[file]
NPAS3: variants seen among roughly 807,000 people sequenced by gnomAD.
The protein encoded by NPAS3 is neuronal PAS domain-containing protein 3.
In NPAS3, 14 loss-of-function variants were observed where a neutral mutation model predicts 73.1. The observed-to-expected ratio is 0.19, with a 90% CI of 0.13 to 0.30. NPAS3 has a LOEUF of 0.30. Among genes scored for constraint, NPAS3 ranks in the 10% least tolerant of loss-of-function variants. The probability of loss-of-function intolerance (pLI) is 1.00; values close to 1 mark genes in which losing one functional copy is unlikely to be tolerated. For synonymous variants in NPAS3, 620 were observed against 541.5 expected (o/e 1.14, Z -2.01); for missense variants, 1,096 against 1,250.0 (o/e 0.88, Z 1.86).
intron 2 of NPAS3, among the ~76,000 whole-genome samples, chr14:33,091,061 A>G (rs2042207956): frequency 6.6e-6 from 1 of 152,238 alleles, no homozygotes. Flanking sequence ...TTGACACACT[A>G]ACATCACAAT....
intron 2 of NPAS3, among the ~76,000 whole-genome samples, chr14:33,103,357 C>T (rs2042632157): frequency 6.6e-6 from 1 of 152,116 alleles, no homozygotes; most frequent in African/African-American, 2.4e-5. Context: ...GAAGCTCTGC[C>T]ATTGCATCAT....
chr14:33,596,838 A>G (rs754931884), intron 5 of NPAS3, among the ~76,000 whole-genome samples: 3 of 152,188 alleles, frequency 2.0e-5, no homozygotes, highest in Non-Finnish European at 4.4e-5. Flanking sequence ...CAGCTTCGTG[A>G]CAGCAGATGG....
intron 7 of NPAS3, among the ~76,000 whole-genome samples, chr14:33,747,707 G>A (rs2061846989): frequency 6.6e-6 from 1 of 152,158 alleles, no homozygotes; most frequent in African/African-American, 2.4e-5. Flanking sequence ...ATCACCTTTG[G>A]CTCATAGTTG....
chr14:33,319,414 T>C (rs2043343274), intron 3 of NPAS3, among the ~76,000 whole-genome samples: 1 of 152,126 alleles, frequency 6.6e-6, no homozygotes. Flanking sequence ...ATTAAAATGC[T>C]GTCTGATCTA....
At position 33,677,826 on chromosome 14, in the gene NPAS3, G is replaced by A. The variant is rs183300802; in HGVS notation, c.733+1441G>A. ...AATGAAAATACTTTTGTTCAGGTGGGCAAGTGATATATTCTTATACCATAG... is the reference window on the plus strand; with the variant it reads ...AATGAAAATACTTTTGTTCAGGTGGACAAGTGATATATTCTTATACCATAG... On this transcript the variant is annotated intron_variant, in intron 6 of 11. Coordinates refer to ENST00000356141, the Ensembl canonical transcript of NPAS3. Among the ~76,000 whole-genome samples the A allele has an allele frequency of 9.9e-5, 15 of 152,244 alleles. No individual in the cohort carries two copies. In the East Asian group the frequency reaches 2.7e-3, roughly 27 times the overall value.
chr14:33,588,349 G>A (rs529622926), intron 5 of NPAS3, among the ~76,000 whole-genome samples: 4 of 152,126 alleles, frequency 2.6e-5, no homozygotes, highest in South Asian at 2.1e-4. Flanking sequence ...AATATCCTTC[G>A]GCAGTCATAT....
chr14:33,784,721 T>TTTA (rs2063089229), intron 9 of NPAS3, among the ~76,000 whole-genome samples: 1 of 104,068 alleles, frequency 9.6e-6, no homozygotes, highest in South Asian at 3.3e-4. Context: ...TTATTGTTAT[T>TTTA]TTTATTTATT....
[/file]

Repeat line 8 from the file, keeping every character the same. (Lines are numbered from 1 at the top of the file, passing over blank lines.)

chr14:33,319,414 T>C (rs2043343274), intron 3 of NPAS3, among the ~76,000 whole-genome samples: 1 of 152,126 alleles, frequency 6.6e-6, no homozygotes. Flanking sequence ...ATTAAAATGC[T>C]GTCTGATCTA....